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‘Teaching is rewarding because I see education having a significant impact on students’ lives. For some of them, it’s their only way out of poverty or to change their lives. I’m happy to be a part of that.’
– Rahshida Atkins



Rahshida Atkins remembers the hardships her mother endured while successfully raising five children in Newark and Rahway. But hers is not the only mother Rahshida Atkins watched overcome socioeconomic challenges while singlehandedly bringing up her family.

“My family's experiences inspired me to want to develop knowledge to continue to help other families who endure extreme stressors while facing difficult life challenges that can potentially lead to mental health illnesses,” said Atkins, who studies the relationship between depression and physical activity in disadvantaged mothers. 

Nursing scholar Rahshida Atkins joined Rutgers-Camden’s School of Nursing Sept. 1 as an assistant professor.
Photo: Nick Romanenko/Rutgers University

The nursing scholar, who received her bachelor's, master's and doctoral degrees from Rutgers University, returned to her alma mater Sept. 1 as an assistant professor with Rutgers-Camden’s School of Nursing.

“I came back to Rutgers because I want to make a significant impact with underserved communities in the Camden area,” said Atkins. “I want to be at a university that would support those goals.”

Education always has been a priority for Atkins, who sought out every opportunity available to her, including a biomedical high school internship offered through the former University of Medicine and Dentistry of New Jersey.

“My mom always encouraged us to get good grades and strive for academic excellence, and said that education was the way out,” she said.

Atkins went on to become her high school’s valedictorian, earn scholarships and research assistantships to fund her undergraduate and graduate studies, respectively, the Robert Wood Johnson Foundation New Jersey Nursing Initiative supported her doctoral pursuit.

“My only plan was to get my BSN and get a stable job at a hospital or clinical facility and stay there for the rest of my life,” she said. “I never saw academia as a long-term career that would blossom into what it is today.”

Building on her dissertation research that focused on depression in Black single mothers, Atkins expanded her focus during her postdoctoral fellowship with the University of Pennsylvania School of Nursing and now at Rutgers to explore the relationship between depression and physical activity with the goal of identifying and preventing depression in socioeconomically disadvantaged mothers of all ethnicities.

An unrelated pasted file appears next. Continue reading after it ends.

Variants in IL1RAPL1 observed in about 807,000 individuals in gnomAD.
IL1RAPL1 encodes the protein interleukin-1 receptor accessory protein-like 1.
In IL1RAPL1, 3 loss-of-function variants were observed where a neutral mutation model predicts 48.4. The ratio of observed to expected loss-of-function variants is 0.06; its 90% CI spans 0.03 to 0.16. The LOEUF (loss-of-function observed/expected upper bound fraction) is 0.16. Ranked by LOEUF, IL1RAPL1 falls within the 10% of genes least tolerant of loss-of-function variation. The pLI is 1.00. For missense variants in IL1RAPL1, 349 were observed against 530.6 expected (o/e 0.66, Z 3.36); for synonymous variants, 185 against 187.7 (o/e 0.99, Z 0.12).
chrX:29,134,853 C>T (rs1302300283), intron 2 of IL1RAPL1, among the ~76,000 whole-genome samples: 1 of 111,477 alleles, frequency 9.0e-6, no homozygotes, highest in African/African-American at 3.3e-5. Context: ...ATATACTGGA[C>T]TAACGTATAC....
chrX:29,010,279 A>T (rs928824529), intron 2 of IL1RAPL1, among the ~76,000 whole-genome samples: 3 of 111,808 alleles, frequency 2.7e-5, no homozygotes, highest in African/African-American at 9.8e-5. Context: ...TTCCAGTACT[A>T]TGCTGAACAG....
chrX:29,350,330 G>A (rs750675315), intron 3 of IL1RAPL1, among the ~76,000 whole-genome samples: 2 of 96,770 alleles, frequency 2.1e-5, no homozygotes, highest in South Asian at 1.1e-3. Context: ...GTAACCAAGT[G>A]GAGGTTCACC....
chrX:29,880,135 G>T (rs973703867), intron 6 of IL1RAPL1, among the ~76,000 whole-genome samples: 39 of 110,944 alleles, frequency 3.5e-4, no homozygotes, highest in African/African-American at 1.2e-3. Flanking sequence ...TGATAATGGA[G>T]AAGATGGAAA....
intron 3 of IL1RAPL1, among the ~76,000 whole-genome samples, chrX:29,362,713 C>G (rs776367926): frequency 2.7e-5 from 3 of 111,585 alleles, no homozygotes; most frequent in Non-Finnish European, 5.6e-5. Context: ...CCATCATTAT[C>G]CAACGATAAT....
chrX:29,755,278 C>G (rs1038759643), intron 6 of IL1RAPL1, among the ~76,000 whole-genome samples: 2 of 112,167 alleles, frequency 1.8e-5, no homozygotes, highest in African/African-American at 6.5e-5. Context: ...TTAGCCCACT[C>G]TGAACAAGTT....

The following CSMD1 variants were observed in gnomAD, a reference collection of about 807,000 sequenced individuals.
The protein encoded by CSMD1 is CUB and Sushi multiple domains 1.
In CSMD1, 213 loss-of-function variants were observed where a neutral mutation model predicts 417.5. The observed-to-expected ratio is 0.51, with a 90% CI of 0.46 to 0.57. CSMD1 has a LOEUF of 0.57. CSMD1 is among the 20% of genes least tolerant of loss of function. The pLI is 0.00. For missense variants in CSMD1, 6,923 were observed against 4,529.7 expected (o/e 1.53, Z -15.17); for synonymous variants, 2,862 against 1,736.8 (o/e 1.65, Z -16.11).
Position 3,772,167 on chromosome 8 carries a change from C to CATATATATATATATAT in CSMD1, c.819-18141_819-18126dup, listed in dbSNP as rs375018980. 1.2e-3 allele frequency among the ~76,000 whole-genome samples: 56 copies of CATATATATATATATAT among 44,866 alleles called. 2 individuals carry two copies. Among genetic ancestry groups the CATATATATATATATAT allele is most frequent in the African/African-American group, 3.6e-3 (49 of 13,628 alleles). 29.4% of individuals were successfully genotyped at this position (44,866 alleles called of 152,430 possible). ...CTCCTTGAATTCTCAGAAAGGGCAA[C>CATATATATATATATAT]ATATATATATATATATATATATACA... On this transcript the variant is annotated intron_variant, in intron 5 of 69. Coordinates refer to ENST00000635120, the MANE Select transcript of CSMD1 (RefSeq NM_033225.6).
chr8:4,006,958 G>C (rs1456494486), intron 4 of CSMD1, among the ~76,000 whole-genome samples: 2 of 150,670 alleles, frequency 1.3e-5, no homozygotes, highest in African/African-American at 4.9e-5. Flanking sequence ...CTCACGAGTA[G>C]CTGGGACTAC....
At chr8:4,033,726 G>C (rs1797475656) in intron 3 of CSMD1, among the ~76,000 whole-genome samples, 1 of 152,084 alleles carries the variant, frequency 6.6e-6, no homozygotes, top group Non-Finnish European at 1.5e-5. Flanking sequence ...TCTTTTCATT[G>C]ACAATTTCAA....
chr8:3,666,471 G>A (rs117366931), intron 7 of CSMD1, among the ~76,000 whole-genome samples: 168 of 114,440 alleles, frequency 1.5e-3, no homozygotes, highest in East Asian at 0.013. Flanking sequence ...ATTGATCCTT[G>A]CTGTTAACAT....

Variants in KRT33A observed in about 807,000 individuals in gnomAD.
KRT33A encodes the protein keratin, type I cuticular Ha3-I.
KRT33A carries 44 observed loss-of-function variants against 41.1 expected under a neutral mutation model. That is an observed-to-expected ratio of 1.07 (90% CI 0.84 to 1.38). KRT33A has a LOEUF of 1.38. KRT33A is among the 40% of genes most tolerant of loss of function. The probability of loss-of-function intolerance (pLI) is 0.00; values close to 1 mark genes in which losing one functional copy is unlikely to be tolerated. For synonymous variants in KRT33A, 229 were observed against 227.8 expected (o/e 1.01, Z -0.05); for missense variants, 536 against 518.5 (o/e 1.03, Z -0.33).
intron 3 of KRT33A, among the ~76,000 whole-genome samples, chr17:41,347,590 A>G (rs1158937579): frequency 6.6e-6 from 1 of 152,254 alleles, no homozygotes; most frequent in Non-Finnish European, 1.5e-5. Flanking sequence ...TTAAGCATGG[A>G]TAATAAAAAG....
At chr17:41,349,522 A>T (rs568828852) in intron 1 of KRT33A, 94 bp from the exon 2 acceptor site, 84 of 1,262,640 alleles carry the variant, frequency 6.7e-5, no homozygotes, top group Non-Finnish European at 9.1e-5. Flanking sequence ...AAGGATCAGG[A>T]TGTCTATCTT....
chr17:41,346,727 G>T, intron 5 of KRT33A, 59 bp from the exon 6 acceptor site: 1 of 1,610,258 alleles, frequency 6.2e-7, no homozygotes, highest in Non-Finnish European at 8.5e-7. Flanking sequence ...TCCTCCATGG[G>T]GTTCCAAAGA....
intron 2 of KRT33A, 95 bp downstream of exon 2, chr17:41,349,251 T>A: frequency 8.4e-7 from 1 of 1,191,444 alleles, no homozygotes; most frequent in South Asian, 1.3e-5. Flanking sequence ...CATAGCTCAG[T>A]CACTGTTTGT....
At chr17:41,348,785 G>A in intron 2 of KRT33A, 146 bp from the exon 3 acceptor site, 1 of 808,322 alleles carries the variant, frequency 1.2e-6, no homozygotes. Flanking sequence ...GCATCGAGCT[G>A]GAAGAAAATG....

“I’m trying to break the cycle of depression being passed down,” she said. Extreme stress created by poverty, job insecurity, perceiving racism, lack of social support and unstable relationships, low educational attainment and lack of access to health care, she said, all take a significant toll on the mental health of mothers in this demographic. “If we can help moms identify and manage their depressive symptoms, they are better able to parent their children and remain productive members of society.”

One strategy to prevent depression, said Atkins, is exercise. “Even small increases in physical activity can reduce depressive symptoms," she said.  “So my goal is to get disadvantaged women, who are at risk for depression, physically active.”

That’s the message she will bring to upcoming focus groups she will host in Camden.The participants of those groups will become the foundation of Atkins’ new Rutgers research: Identifying and preventing depression by examining the relationship between depressive symptoms and physical activity in disadvantaged mothers. She will also explore molecular mechanisms that contribute to depression risk to enhance early identification.

To recruit mothers for the focus groups, Atkins already is making her presence in the community known – visiting women’s shelters, youth community centers, and federally qualified primary health care centers and forging partnerships with these community hubs.

When she is not pursuing her research, Atkins focuses on teaching future nurses how to properly assess patients in her "Wellness and Health Assessment"or "Health Promotion" courses. She feels a kinship to many of her students, who, like her, pushed themselves to overcome obstacles. 

“Teaching is rewarding because I see education having a significant impact on students’ lives,” she said. “For some of them, it’s their only way out of poverty or to change their lives. I’m happy to be a part of that.”  

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For media inquiries, contact Lisa Intrabartola at 848-932-0554 or lintrabartola@ucm.rutgers.edu.